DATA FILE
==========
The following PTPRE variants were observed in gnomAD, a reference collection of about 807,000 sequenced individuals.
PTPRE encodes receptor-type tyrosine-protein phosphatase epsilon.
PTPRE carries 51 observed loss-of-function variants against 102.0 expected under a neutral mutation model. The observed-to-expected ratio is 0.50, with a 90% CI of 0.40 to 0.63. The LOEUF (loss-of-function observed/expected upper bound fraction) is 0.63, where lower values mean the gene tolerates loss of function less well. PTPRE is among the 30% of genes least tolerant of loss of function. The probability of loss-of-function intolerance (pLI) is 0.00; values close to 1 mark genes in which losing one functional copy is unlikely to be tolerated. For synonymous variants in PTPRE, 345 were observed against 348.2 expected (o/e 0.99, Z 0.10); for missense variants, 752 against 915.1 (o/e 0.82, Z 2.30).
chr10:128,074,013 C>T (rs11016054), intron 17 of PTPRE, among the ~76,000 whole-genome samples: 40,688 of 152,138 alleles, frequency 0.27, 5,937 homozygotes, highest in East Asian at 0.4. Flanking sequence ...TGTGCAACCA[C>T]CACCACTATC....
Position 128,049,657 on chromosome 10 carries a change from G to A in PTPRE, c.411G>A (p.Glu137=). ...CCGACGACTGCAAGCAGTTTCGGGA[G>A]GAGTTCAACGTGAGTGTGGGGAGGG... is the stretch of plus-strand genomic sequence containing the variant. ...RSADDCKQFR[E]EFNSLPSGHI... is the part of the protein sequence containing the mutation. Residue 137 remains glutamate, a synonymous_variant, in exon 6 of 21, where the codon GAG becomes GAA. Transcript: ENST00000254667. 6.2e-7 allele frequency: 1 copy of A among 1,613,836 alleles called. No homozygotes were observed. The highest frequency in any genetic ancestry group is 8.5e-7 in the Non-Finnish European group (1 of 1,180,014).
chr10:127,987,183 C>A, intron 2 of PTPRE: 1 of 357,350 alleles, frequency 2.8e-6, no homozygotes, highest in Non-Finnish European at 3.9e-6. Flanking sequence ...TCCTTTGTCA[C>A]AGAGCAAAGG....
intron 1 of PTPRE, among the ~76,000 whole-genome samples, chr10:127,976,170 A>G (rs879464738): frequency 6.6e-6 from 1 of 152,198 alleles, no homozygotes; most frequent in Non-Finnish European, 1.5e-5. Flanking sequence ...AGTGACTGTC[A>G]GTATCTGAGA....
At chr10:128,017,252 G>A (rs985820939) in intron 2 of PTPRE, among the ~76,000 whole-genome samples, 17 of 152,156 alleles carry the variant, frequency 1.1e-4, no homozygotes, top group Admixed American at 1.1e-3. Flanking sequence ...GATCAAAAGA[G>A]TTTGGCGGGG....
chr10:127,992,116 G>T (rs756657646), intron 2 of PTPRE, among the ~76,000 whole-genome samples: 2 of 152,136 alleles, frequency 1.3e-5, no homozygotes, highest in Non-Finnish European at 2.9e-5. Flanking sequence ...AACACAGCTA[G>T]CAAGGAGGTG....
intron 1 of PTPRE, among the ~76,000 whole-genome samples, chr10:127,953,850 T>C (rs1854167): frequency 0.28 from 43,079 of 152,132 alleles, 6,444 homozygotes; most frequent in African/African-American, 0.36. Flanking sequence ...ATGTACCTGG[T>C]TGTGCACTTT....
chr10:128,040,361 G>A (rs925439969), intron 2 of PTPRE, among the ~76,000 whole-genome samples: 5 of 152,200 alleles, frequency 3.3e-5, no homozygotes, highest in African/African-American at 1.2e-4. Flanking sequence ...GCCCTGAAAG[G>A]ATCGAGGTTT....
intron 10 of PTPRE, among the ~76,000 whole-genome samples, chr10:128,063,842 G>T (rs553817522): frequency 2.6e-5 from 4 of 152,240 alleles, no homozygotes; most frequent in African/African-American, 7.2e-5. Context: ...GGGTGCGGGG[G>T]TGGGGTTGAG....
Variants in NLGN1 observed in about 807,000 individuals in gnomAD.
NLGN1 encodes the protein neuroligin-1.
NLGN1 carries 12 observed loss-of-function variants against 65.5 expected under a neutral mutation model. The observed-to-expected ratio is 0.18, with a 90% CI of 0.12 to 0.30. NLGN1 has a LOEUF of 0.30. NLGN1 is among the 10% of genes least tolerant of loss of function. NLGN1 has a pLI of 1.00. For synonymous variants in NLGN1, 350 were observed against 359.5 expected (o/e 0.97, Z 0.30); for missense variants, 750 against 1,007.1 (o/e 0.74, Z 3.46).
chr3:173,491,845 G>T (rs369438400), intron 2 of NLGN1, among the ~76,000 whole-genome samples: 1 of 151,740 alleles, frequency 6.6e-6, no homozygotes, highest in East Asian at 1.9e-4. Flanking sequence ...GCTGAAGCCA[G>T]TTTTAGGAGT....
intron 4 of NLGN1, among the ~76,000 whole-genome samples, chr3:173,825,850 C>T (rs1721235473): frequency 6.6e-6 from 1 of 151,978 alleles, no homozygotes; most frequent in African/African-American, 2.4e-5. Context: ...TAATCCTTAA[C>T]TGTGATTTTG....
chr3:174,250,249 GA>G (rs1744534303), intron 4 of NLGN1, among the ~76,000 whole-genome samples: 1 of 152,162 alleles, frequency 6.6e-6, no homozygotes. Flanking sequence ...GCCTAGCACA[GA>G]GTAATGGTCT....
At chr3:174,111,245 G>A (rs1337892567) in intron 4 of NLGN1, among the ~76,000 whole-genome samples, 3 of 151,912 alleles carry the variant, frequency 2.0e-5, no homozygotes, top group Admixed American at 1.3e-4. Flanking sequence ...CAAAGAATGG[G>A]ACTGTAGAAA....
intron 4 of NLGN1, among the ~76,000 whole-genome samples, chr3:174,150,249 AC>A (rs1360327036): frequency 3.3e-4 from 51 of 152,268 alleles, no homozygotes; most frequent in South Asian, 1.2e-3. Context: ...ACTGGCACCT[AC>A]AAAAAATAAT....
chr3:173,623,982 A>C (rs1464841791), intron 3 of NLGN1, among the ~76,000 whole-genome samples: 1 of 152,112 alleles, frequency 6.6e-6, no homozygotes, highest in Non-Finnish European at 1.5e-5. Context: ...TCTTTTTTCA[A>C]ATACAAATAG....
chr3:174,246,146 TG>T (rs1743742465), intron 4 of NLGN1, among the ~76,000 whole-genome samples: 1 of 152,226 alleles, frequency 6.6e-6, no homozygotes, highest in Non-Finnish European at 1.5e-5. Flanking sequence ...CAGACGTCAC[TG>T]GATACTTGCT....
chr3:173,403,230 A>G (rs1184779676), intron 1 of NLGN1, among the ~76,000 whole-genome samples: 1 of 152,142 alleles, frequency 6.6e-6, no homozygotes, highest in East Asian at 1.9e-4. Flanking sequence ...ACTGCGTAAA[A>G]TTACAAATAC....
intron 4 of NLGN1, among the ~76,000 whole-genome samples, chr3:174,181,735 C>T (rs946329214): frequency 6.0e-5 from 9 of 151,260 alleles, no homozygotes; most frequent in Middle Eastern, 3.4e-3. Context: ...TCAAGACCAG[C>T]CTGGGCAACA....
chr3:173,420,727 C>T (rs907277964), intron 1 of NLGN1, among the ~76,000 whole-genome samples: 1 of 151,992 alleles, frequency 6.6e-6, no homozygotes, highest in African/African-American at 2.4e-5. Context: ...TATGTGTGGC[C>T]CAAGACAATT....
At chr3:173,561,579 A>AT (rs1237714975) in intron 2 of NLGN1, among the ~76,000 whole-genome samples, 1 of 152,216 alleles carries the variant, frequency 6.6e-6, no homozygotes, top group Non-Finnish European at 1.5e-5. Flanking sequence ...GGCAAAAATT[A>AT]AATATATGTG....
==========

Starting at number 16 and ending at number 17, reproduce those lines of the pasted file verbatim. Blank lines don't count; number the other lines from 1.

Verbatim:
chr3:173,491,845 G>T (rs369438400), intron 2 of NLGN1, among the ~76,000 whole-genome samples: 1 of 151,740 alleles, frequency 6.6e-6, no homozygotes, highest in East Asian at 1.9e-4. Flanking sequence ...GCTGAAGCCA[G>T]TTTTAGGAGT....
intron 4 of NLGN1, among the ~76,000 whole-genome samples, chr3:173,825,850 C>T (rs1721235473): frequency 6.6e-6 from 1 of 151,978 alleles, no homozygotes; most frequent in African/African-American, 2.4e-5. Context: ...TAATCCTTAA[C>T]TGTGATTTTG....